Let $X$ be an arithemetic surface. Let $(f)$ be a principal divisor. Let $D_{i}$ be the horizontal divisors showed up in $(f)$ and $d_i$ are their coefficients. I am trying to prove $\sum d_{i} m_i=0$, where $m_i$ is the degree of the quotient field of the horizontal divisor over the base. But I do not know how to do it.

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    $\begingroup$ Look on the generic divisor. (In down-to-earth language: it comes down to "#zeros = #poles" on an algebraic curve.) $\endgroup$ Jun 10, 2018 at 2:57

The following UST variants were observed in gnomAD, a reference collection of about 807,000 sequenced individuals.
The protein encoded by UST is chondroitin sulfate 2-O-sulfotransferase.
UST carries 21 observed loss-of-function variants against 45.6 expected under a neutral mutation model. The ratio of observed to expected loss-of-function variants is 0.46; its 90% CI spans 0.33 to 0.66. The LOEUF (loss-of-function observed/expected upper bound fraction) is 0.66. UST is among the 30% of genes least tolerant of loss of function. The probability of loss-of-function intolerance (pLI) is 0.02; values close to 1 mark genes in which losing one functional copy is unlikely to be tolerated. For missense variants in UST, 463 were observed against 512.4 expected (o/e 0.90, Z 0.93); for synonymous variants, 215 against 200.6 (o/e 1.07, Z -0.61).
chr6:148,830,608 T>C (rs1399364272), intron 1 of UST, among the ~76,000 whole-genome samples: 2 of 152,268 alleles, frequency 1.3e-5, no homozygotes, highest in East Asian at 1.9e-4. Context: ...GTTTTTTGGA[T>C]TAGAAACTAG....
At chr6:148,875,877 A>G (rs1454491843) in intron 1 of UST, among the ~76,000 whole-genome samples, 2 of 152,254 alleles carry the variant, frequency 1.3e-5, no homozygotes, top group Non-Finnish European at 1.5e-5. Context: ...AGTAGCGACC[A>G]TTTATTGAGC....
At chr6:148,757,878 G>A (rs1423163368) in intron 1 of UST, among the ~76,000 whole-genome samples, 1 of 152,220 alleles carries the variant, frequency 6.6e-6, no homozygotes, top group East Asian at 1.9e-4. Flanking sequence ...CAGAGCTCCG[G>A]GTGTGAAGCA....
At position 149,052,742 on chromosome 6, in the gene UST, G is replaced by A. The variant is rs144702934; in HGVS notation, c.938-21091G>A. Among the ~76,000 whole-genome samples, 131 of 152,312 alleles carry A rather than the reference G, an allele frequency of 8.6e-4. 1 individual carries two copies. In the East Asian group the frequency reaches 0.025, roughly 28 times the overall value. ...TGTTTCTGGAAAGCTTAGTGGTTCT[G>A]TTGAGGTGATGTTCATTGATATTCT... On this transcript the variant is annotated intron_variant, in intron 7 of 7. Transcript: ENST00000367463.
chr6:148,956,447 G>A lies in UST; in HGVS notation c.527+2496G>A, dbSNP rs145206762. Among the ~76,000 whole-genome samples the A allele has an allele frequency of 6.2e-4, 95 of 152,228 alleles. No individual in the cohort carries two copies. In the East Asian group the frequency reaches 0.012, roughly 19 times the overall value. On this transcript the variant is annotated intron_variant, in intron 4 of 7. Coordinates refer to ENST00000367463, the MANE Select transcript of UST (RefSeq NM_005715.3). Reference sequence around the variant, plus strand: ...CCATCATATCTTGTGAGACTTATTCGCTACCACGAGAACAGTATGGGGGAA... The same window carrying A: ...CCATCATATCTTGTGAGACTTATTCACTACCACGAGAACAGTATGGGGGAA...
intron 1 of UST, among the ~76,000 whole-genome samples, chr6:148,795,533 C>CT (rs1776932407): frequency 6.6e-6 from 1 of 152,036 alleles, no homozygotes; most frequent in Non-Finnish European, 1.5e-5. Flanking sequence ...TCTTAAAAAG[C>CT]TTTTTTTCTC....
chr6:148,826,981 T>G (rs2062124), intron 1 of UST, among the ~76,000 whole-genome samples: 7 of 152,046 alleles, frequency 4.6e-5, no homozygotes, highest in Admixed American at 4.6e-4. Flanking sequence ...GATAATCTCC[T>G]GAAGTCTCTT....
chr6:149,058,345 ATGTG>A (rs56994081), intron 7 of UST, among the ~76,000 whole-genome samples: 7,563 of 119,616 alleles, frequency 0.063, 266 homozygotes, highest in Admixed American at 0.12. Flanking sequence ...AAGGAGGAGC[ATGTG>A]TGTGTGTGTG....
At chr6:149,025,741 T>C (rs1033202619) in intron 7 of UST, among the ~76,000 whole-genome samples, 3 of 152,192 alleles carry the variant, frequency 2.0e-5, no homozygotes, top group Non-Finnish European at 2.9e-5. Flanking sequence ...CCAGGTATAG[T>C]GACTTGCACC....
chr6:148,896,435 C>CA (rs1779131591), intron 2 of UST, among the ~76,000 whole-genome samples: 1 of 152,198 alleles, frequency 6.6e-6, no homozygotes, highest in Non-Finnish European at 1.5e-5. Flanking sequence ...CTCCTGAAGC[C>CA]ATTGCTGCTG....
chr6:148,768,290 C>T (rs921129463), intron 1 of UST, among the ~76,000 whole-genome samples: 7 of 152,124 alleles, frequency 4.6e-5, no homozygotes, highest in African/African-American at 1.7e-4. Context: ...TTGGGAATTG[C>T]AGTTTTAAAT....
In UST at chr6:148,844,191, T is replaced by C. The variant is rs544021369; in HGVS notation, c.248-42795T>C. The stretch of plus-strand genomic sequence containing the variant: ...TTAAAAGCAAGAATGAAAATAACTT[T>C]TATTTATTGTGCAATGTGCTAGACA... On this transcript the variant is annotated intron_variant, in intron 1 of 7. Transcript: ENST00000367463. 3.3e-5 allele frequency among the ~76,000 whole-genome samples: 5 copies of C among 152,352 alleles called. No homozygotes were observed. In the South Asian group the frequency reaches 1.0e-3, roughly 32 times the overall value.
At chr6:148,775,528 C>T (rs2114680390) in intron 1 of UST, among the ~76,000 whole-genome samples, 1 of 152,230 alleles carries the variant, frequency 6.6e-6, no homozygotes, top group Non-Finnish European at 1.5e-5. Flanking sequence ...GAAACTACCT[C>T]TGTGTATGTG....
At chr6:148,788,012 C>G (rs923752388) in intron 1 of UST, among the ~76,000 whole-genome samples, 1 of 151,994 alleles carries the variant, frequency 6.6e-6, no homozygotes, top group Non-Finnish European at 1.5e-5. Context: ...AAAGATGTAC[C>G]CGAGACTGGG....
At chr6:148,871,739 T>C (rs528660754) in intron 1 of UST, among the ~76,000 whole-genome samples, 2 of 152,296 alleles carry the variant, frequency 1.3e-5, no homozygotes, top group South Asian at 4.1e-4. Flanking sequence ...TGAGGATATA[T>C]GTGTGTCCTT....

• $\begingroup$ (Which means that it's actually $\sum_i d_i m_i = 0$, where $m_i$ is the "intersection multiplicity of $D_i$ with the generic fiber"; in more concrete language, $X$ is a curve over some number field $K$, and each $D_i$ is a point defined over some degree $m_i$ extension of $K$.) $\endgroup$ Jun 10, 2018 at 19:43
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    $\begingroup$ Thanks! I proved this fact in a strange way; I use base change to $\mathbb{C}$ by making use of embeddings $K\rightarrow \mathbb{C}$. Then $\sum d_{i}dm_{i}$ is actually the sum of zeros and poles of $f$ on $X\otimes_{\mathbb{C}}$. Since $f\in K(X)$ the sum must be zero. I never heard of the notation of "generic divisor". Thanks for the hint and the help. $\endgroup$
    – Guest
    Jun 10, 2018 at 23:43


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